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Data Tell Story of Chicago Sports and Beyond

By Red Line Project Staff |  @RedLineProject | Posted: Monday, March 2, 2020 


Despite the Bears winning the NFC North title in 2018, Mitch Trubisky and Chase Daniel came in third in the division's quarterback rankings. Minnesota's Kirk Cousins ended the season as the top-ranked quarterback, while Detroit's Matthew Stafford ranked last.  -- Enrique Luna 


The graphic above shows the distribution of salaries between every player on the Chicago Bulls. The biggest salary belongs to Otto Porter jr., who has only played nine games this season. After trading for Porter last season, the Bulls had high hopes for the small forward. Unfortunately, Porter continues to struggle to stay healthy, constantly working with doctors to get back on the court. Now, the Bulls are paying for that, literally.

The second largest salary belongs to their best player, Zach LaVine. Coming off ACL recovery and a sluggish season, the Bulls were able to sign LaVine to an affordable contract, despite having All-Star talent. 

Many of the other players have affordable contracts as well. This is because most of them are still on their rookie contracts. Being one of the youngest teams in the league definitely has its benefits. -- Oscar Herrera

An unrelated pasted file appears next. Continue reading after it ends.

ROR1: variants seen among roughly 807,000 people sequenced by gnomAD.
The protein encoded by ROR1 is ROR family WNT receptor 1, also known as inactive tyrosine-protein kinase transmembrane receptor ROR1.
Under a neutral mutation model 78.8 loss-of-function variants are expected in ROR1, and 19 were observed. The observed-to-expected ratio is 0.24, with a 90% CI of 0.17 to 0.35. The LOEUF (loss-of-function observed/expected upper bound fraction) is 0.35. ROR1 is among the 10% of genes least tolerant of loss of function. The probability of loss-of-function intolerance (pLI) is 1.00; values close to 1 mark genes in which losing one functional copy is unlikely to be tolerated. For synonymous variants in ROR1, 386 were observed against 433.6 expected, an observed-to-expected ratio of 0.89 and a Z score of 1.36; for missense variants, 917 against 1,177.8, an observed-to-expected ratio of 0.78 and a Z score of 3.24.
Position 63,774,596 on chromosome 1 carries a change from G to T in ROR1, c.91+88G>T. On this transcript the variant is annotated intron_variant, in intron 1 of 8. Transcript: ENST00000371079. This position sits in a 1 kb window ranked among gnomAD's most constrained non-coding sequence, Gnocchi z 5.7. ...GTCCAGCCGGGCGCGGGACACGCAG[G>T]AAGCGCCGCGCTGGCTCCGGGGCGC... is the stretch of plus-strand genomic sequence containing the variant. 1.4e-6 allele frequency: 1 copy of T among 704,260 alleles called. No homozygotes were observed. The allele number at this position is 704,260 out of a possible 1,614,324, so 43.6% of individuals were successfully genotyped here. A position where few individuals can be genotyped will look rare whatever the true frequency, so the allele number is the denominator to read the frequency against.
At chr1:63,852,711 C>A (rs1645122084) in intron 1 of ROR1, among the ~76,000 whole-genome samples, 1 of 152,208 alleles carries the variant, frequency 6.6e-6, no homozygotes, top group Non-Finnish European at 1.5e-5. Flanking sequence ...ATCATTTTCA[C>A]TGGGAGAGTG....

Dodgers Maintain Attendance Through Good, Lean Years

The Los Angeles Dodgers baseball team has had great support and attendance from their fans despite not having won a World Series game since 1988. As the interactive chart below shows, the team has only seen an overall seasonal drop in attendance below 3 million seven times over the last 31 years.

The drop in attendance seen in 1992 can be attributed to the team’s disappointing season having lost 99 games as well as the 1992 L.A. riots that resulted in three game cancellations. Even so, attendance again picked up in 1993.

In 1994, when attendance again dropped below 3 million, the MLB was experiencing a strike to resist salary caps that lasted 232 days. The baseball season ended early and resulted in the World Series being called off. Attendance rose steadily until it again exceeded 3 million in 1995.

The drop in attendance in 2011 coincides with the turmoil brought to the team by the then owner of the franchise, Frank McCourt. The Dodgers filed for bankruptcy and were eventually bought by the Guggenheim Baseball Partners.

The Dodgers have kept their seasonal attendance above 3 million since 2011. -- Carolina Molina

 

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